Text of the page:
The Photos We Didn't Take

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In the last few years, I've taken a number of photographs I'm pleased with.  Even the best of those, though, can't compare to the photographs I didn't take.



There are many creative ways of not taking photographs. I discovered one of them after I'd driven an hour and a half to photograph a spot in Arizona's central highlands. As I was preparing the camera for action, I noticed that the battery was nearly dead. I chose the handful of shots I managed to take with care. They weren't nearly as good, of course, as the dozens of photographs I didn't take that morning.

The camera's battery provides an even simpler and more elegant way of not taking photographs. One morning I drove to the Superstition Mountains before dawn. As I arrived, I had a spectacular view of the rising sun lighting up some distant peaks. I'd post a photo of what it looked like, except I didn't take any. As I was setting up my gear, I realized that the camera battery was not in the camera. It was in the charger, plugged into an electrical outlet back at my house. I'm sure it was well charged and happy.

I have a theory that some photographic equipment just doesn't like to get up as early as I do. That would explain why I once arrived at Lake Pleasant at first light and found that my tripod hadn't made the trip. It must have needed the extra sleep. The beautiful early light came and went, unrecorded by my camera. When the sun rose and the light turned harsh and glaring, I was finally able to take some handheld shots.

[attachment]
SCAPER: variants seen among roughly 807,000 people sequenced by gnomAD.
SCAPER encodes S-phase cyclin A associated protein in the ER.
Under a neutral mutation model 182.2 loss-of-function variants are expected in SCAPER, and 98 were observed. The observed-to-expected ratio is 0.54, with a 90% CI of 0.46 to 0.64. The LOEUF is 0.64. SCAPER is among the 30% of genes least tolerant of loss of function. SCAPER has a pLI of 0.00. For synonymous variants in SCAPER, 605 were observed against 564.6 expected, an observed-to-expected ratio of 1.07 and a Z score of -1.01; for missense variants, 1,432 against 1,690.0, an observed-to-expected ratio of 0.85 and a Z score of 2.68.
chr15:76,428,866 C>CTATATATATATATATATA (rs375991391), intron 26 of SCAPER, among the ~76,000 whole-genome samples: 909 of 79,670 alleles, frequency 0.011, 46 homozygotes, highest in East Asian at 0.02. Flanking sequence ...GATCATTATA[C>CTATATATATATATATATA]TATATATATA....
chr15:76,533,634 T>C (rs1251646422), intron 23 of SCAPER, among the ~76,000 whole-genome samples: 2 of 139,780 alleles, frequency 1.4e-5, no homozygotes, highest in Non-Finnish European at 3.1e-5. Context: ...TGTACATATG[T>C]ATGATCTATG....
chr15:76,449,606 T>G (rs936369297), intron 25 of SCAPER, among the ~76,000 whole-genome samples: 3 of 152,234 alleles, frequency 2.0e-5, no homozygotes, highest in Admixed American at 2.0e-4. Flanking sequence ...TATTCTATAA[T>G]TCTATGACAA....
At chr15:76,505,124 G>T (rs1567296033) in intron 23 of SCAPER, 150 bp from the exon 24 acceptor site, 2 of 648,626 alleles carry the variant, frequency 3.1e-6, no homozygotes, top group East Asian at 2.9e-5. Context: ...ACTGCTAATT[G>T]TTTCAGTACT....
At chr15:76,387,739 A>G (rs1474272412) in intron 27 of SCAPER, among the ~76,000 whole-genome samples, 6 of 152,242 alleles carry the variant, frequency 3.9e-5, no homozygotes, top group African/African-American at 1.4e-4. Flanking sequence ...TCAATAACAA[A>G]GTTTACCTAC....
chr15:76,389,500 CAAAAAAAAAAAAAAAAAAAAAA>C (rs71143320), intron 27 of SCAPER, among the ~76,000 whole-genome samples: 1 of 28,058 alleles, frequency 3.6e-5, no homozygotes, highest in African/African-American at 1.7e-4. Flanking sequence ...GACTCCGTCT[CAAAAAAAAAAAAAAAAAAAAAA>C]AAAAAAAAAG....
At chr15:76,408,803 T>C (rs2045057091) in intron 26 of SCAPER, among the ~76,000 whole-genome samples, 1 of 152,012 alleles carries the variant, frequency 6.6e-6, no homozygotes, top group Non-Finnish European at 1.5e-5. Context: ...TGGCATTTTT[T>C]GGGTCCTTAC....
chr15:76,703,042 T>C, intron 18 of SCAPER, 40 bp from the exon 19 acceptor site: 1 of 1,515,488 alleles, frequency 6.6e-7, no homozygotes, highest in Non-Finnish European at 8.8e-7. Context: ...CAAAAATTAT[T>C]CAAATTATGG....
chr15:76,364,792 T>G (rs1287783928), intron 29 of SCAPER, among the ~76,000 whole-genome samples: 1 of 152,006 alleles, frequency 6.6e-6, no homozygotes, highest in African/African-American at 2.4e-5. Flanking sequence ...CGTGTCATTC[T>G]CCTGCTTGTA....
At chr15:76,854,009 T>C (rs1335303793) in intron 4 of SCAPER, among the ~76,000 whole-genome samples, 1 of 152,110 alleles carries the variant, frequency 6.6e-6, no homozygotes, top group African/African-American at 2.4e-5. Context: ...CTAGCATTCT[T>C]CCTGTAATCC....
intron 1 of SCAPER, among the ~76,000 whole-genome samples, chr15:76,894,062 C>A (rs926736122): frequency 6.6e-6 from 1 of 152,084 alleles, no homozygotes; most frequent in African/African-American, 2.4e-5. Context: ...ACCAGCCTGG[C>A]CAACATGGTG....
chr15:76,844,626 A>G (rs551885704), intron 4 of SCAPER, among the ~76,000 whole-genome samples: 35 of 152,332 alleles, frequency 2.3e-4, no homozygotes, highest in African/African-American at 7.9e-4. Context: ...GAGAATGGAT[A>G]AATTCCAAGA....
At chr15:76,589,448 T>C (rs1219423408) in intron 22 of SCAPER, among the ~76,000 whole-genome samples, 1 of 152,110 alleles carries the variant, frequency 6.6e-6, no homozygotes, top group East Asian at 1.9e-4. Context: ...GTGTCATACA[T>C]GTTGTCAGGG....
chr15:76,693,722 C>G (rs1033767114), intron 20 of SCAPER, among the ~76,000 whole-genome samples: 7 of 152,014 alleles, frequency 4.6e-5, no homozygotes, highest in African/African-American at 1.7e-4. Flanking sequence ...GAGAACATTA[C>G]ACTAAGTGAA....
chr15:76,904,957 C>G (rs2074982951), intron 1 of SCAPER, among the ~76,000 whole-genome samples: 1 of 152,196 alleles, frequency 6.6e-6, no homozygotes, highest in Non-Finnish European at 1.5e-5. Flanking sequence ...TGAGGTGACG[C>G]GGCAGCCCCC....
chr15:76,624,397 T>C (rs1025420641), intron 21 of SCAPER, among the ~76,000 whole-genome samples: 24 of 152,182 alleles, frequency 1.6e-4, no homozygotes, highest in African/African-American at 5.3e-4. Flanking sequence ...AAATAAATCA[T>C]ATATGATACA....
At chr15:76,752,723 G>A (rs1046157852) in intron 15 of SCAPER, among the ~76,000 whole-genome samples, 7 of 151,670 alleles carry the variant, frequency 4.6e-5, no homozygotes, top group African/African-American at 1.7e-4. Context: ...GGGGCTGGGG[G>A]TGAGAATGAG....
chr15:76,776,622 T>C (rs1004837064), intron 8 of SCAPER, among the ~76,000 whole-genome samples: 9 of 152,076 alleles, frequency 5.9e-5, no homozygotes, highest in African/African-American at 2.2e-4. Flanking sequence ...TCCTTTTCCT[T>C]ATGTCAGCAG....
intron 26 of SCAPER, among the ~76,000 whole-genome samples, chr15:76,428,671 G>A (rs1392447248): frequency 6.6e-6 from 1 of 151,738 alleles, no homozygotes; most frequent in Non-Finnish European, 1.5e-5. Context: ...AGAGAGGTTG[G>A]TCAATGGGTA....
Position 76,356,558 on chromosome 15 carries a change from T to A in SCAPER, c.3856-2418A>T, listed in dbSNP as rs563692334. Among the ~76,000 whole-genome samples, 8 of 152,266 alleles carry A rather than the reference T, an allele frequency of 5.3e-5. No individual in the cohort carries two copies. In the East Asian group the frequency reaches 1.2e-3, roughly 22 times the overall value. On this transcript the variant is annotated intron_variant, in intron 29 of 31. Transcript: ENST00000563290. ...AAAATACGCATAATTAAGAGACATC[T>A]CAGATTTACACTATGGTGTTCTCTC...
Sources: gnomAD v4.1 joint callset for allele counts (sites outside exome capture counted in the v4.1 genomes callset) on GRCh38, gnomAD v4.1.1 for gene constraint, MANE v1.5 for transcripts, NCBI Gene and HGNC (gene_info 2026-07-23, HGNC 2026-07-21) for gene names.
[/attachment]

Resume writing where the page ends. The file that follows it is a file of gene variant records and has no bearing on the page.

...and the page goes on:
There's another piece of camera gear that can lead to not taking photographs. I once camped at the rim of a secluded canyon. At dusk on the first day, I took a slew of shots, and later I took a number of shots by moonlight.  At sunrise the next morning, just as the light on the canyon's rock formations was getting really dramatic, my CF card announced that it was full. The silence of that morning in the wilderness was shattered by my emphatic comment about this development. The editors of this website will not allow me to repeat it here.

By now you may be thinking: doesn't this guy understand that you can carry spare batteries and CF cards?  The answer is that of course I do. Now. 

When I first started using a DSLR, I used a sort of faith-based approach to camera settings. I just took it on faith that they would all be about right without necessarily checking them. I was still using that approach one morning when I photographed an abandoned ranch in a relatively inaccessible spot in southeastern Arizona. Just as the good light was fading, I realized that I had taken every shot at ISO 1600. That's where I'd left the camera set after taking a photo of the campfire the night before. Technically, of course, the photos I took that morning do not qualify as shots I didn't take. I have the photos. You can vaguely discern what I was trying to photograph through the blizzard of noise.

There are ways of not taking photographs that have nothing to do with photographic gear. For example, there was the day my Jeep got stuck in a sandy wash. I was eventually hauled out by two guys in a truck who were better-prepared than I was. They tried not to snicker too much. There were a lot of photographs I didn't take that day. 

Then there was the time I got dehydrated. Somehow it slipped my mind that I was in the desert, and that it was important to keep taking in fluids to offset the fact that the bone-dry air was sucking them out of me as fast as it could. That experience led to a number of shots not being taken.

I could go on about ways I've found not to take photographs. Actually, though, I'd rather not. 

Since this is a blog about photography, there ought to be a photograph somewhere in this post.  I can't include an example of the photographs I didn't take.  Here, though, is a photo that captures the side of me that led to those untaken shots.